If you are a baby boomer like me (born between 1945 and 1963), you have witnessed a unique public health phenomenon. Our mothers, who lived through the peri-WWII era, were the first generation who smoked a substantial number of cigarettes throughout their adult lives. This phenomenon has facilitated an in-depth observation of the prolonged effects of smoking on female mortality.
Over a million women in the United Kingdom (UK) have been followed from 1996 through 2011 via national mortality records.1 Critical findings have revealed outcomes related to all-cause mortality in this at-risk population. Among UK women (with similar United States parallels), two-thirds of all deaths of women in their 50s, 60s and 70s, were attributed to smoking.2 These women lost at least 10 years of life from this preventable lifestyle behavior. Additionally, irrespective of age, mortality was tripled in women still smoking at each 3-year resurvey period. Even for women smoking fewer than 10 cigarettes a day at baseline, 12-year mortality was doubled.
Another report of the relationship between smoking and cancer treatment-related side effects revealed important findings.3 Nearly 1,000 patients with a variety of malignancies were recruited and followed throughout their treatment and up to 6 months post-treatment cessation. An abbreviated version of the MD Anderson Symptom Inventory was used to evaluate 12 common symptoms (i.e., fatigue, hair loss, memory loss, nausea, depression, sleep problems, pain, difficulty concentrating, hot flashes, weight loss, skin problems, and dyspnea). Patients who continued to smoke during treatment experienced a significantly higher amount of symptom burden than nonsmokers. This trend continued at 6 months post-treatment. Positive findings revealed that those who quit smoking pretreatment had a total symptom burden that was similar to nonsmokers.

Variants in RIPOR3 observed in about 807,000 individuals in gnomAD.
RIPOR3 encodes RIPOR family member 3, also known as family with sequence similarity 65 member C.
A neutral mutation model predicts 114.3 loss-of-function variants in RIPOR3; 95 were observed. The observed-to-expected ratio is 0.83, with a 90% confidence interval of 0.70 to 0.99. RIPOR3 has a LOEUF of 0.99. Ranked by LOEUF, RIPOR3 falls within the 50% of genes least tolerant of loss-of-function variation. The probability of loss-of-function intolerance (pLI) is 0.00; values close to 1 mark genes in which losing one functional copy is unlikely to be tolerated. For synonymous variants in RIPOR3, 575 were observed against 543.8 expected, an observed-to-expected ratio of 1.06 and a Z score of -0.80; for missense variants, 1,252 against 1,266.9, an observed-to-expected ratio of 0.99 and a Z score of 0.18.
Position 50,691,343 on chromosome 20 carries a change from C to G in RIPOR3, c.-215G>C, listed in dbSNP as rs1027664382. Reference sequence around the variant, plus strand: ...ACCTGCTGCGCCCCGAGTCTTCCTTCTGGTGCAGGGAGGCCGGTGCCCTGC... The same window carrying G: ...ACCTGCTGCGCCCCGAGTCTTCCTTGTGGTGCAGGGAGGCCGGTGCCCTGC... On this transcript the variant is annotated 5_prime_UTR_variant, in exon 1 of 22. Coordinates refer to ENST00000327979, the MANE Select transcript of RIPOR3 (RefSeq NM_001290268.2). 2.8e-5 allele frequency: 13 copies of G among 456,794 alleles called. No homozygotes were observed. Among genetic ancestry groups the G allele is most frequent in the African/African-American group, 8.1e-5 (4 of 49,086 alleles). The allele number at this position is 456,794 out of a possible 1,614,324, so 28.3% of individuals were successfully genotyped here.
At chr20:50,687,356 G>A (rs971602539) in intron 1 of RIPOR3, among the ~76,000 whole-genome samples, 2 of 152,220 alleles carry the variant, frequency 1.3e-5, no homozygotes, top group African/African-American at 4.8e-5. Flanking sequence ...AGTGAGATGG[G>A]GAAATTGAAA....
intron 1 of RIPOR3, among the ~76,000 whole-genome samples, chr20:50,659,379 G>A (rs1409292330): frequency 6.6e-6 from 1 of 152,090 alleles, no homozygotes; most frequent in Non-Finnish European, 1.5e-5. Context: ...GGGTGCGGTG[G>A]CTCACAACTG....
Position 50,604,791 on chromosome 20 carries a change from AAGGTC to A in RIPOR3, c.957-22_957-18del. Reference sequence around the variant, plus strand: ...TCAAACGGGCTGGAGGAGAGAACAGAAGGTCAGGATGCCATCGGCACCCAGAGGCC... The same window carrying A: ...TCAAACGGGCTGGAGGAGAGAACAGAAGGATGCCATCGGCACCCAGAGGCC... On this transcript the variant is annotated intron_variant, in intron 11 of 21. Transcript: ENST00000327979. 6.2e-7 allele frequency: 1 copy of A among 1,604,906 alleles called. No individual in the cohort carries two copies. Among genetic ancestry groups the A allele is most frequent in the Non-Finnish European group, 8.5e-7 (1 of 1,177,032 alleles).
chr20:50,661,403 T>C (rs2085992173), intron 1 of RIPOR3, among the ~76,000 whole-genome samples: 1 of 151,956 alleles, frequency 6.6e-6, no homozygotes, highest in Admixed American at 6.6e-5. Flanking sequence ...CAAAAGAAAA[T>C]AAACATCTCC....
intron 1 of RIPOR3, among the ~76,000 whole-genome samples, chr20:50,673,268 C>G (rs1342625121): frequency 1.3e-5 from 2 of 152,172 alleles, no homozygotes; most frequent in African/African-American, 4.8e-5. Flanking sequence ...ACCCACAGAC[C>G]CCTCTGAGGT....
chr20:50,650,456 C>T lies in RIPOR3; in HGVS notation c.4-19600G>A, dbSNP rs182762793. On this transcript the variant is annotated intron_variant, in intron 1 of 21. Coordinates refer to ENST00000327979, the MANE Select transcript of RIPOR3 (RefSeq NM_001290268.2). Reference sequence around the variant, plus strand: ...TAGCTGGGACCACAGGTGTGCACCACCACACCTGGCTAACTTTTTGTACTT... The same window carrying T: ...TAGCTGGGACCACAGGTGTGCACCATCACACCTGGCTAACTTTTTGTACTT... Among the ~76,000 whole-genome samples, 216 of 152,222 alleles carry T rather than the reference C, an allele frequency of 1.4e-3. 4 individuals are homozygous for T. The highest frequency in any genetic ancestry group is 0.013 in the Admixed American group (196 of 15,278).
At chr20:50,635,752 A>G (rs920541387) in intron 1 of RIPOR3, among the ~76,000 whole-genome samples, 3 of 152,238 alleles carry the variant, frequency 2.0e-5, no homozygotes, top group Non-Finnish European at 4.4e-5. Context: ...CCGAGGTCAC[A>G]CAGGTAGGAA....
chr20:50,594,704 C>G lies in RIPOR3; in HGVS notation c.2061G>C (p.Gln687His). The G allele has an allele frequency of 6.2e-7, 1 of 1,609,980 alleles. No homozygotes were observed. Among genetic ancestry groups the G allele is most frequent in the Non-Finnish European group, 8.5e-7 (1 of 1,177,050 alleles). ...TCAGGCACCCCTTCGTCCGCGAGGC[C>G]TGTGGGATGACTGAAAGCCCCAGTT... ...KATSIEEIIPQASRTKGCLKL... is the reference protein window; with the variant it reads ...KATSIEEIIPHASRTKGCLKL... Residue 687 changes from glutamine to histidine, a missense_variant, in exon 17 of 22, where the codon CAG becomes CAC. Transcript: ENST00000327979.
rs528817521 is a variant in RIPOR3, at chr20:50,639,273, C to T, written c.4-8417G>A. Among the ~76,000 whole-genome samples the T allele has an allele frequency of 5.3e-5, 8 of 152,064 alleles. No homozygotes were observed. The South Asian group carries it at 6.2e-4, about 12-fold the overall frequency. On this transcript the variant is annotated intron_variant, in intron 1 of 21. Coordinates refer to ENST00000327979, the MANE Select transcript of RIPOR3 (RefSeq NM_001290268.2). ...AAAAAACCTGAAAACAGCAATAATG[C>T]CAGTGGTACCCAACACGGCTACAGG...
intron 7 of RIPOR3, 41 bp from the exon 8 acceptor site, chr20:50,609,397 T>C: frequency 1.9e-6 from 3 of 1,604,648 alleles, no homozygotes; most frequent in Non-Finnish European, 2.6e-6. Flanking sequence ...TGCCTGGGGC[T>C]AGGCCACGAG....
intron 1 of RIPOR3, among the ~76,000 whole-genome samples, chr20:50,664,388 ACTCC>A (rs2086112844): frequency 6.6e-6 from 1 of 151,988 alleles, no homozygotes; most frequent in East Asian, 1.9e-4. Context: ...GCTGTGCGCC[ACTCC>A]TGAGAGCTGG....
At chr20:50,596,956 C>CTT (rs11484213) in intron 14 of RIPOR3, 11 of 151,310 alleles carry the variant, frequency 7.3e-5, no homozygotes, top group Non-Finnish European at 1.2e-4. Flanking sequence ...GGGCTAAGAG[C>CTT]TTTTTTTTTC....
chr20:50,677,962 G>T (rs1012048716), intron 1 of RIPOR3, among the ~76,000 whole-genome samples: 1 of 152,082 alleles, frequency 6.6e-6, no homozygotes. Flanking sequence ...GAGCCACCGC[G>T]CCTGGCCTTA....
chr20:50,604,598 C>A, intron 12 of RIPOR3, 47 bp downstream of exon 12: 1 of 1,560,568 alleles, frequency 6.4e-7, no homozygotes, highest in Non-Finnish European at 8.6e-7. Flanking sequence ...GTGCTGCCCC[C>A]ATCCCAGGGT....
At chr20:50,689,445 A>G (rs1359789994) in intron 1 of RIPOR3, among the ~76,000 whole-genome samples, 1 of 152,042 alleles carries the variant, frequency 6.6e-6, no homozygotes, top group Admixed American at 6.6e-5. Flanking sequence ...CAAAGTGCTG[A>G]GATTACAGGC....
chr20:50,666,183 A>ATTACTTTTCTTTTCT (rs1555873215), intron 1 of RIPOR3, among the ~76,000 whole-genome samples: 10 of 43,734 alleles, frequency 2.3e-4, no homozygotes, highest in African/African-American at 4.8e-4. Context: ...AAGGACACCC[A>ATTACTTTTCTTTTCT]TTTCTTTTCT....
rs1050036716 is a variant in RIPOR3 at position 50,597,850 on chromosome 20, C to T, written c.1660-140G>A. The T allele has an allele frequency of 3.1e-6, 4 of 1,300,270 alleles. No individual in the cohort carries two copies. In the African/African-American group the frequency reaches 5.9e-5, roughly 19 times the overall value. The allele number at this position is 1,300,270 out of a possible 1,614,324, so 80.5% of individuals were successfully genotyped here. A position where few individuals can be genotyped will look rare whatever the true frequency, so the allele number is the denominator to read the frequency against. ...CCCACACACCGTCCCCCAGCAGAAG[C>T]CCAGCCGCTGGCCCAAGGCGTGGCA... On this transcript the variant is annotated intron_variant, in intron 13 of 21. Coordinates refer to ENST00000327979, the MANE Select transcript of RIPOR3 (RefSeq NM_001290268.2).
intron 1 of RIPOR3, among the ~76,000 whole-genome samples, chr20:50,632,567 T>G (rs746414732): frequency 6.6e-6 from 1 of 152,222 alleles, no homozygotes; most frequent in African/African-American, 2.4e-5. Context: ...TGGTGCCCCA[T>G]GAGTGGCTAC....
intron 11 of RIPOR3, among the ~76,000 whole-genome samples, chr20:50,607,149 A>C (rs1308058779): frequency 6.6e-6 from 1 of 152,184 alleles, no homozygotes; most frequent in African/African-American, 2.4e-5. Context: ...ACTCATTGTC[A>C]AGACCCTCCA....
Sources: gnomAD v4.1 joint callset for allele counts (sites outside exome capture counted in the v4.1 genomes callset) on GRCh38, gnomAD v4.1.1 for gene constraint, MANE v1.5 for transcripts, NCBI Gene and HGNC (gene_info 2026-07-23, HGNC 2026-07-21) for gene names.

Smoking is the leading preventable cause of death worldwide.4 The United States remains in the dark ages as to implementing a national policy to eliminate exposure of this carcinogen to the American public. Leading the way is Australia who has recently announced that it will increase tax on cigarettes by 12.5% annually for the next 4 years such that the current cost of a pack of cigarettes will rise from $US 18 to $US 29 by 2020.5
Also, new legislation in Europe has recently mandated that at least 65% of the surface area of all packs of cigarettes will be covered in health warnings. This will be an important component of a host of European Union tobacco control measures.
Unlike Australia's characterization as a nation undertaking aggressive action to improve the health of its citizens, the United States remains focused on profit, and corporate and political indifference to the health hazards of its citizens. This is one major instance where the enormity of American presence and power is not even a blip on the radar screen.
- Health & Social Care Information Centre. (2011). Statistics on Smoking: England, 2011.
- Pirie K, Peto R, Reeves GK, et al. (2013). The 21st century hazards of smoking and benefits of stopping: A prospective study of one million women in the UK. Lancet, Jan 12;381(9861):133-41.
- Peppone LJ, Mustian KM, Morrow GR, et al. (2011). The Effect of Cigarette Smoking on Cancer Treatment-Related Side Effects. Oncologist, Dec; 16(12): 1784–1792.
- Peto R, Whitlock G, Jha P. (2010). Effects of Obesity and Smoking on U.S. Life Expectancy. N Engl J Med, Mar 4;362(9):855-6.
- Kirby T. (2016). Australia tax increases to price cigarettes out of reach. Lancet Oncol, May 12. pii: S1470-2045(16)30136-X.